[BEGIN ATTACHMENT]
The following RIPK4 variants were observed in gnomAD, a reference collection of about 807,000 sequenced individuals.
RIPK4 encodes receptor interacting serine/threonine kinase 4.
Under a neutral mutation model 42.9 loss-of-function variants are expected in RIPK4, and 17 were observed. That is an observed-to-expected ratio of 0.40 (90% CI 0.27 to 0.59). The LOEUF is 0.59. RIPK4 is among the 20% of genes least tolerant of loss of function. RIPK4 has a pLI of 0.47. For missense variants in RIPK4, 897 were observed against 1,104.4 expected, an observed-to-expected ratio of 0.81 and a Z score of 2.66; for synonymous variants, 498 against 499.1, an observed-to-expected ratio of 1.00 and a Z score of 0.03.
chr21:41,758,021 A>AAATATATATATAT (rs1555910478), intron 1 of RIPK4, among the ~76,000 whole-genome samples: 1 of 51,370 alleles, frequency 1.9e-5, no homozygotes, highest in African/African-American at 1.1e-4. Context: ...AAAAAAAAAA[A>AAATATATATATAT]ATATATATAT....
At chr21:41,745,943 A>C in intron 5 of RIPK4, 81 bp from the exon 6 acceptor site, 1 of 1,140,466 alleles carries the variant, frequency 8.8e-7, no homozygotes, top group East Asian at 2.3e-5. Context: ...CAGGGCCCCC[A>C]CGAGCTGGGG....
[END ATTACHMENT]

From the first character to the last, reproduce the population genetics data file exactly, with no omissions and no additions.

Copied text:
The following RIPK4 variants were observed in gnomAD, a reference collection of about 807,000 sequenced individuals.
RIPK4 encodes receptor interacting serine/threonine kinase 4.
Under a neutral mutation model 42.9 loss-of-function variants are expected in RIPK4, and 17 were observed. That is an observed-to-expected ratio of 0.40 (90% CI 0.27 to 0.59). The LOEUF is 0.59. RIPK4 is among the 20% of genes least tolerant of loss of function. RIPK4 has a pLI of 0.47. For missense variants in RIPK4, 897 were observed against 1,104.4 expected, an observed-to-expected ratio of 0.81 and a Z score of 2.66; for synonymous variants, 498 against 499.1, an observed-to-expected ratio of 1.00 and a Z score of 0.03.
chr21:41,758,021 A>AAATATATATATAT (rs1555910478), intron 1 of RIPK4, among the ~76,000 whole-genome samples: 1 of 51,370 alleles, frequency 1.9e-5, no homozygotes, highest in African/African-American at 1.1e-4. Context: ...AAAAAAAAAA[A>AAATATATATATAT]ATATATATAT....
At chr21:41,745,943 A>C in intron 5 of RIPK4, 81 bp from the exon 6 acceptor site, 1 of 1,140,466 alleles carries the variant, frequency 8.8e-7, no homozygotes, top group East Asian at 2.3e-5. Context: ...CAGGGCCCCC[A>C]CGAGCTGGGG....